Just six respondents (13%) believed that referral guidelines were in daily use by referrers / radiology practitioners (Fig. 4). These included the Finnish and German NCA, Italian, Latvian, Norwegian, Romanian and Slovak NRS. Most (n = 27, 56%) stated they were somewhat used daily.
Justification of new practices
When asked about justification of new practices, most respondents (n = 39, 77%) replied that responsibilities for justification of new practices (with CT) were regulated, and that responsibility for initiating the process of justification of a new practice varied widely, ranging from health authorities (n = 5, 10%) to individual health practitioners (n = 6, 12%), professional societies (n = 6, 12%) and undertakings/licence holders (n = 13, 26%). Belgium, Iceland and Portugal respondents reported not having any national system in place for (generic) justification of new types of classes of CT practices . The most common mechanism used for justification of new types of practices was via evidence-based procedures conducted by national societies (n = 26, 51%) or local hospital mechanisms (n = 25, 49%). Health screening with CT was reported by just 20 respondents (Fig. 5), with the majority (n = 30, 59%) not having such screening in place. Health screening with CT was reported by three NCAs (Bulgaria, Czech Republic, United Kingdom) and five NRS (France, Norway, Poland, Spain, United Kingdom) as part of an approved screening programme. Eleven respondents reported that CT screening occurred outside of an approved screening programme (NCA: Belgium, Bulgaria, Greece, Hungary, Switzerland and UK; NRS: Austria, Finland, Portugal, Spain, Switzerland). However, responses differed between the NCA and NRS in seven countries (Belgium, Bulgaria, Czech Republic, Finland, France, Greece, Norway) about whether screening with CT took place in their country. In four of these countries, the NRS responded in the negative (Belgium, Bulgaria, Czech Republic, Greece).
Just three respondents (NCA: Finland, UK; NRS: Germany) reported that guidelines are available from relevant medical societies and the NCA regarding the use of imaging for asymptomatic individuals outside of approved screening programmes, with another nine stating they are partly available (NCA: Switzerland; NRS: Austria, Bulgaria, Finland, Ireland, Norway, Poland, Romania, Spain). Eleven of seventeen respondents who reported using CT for health screening did have national regulations, with seven stating that such regulations included provisions about advertisement of CT health screening practices and just three (NCA: UK, NRS: Finland, Poland) that regulations allowed self-presenting of asymptomatic individuals.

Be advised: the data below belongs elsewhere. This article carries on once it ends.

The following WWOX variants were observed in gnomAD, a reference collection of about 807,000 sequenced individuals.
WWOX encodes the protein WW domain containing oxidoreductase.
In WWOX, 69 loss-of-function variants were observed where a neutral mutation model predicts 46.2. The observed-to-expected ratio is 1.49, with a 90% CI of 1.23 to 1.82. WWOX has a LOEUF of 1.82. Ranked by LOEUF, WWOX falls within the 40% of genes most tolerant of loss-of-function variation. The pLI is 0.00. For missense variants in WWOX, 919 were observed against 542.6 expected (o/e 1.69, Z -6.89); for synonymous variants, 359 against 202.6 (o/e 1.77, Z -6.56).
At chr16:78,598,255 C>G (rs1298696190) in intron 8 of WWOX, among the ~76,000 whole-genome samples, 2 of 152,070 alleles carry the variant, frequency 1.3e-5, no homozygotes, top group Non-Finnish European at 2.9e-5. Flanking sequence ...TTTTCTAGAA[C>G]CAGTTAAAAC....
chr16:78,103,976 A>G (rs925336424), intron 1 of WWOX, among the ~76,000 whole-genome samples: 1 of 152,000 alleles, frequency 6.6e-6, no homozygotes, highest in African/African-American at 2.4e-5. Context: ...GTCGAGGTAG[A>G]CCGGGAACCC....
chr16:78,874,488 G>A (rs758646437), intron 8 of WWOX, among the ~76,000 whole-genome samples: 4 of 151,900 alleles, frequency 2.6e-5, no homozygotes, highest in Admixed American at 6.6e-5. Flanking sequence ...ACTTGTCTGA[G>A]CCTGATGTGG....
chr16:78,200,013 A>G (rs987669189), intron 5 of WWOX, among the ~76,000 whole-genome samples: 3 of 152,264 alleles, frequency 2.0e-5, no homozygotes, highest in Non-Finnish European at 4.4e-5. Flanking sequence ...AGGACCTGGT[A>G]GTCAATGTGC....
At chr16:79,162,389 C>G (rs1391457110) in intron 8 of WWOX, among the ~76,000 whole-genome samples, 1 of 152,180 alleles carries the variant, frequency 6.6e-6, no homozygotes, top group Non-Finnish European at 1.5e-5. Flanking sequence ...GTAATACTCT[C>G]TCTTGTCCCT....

Respondents were asked whether any published audit/survey of the appropriateness of CT examinations had been carried out in their country in the past 10 years. Fifteen respondents from 11 countries (Croatia, Czech Republic, Estonia, Finland, France, Ireland, Italy, Luxembourg, Malta, Norway and Sweden), confirmed in the positive, while 10 did not know. Nine respondents provided links to these reported publications, three of which (Croatia , France , Ireland ) on further review were not specific to CT justification, while the Czech Republic, Estonian and Maltese audits were confirmed as unpublished audits. Respondents who reported a previous audit/survey of CT justification were also asked to identify any key outcomes/learnings from the audit, which are summarised in Table 2 below.
As anticipated, responses from within individual countries were not entirely consistent. When ‘I don’t know’ responses were disregarded it was noted that responses to specific questions varied when reported by the NRS or NCA, with a median of two different responses per country although this ranged from full agreement (zero differences: Denmark, Estonia) to seven different responses (Belgium).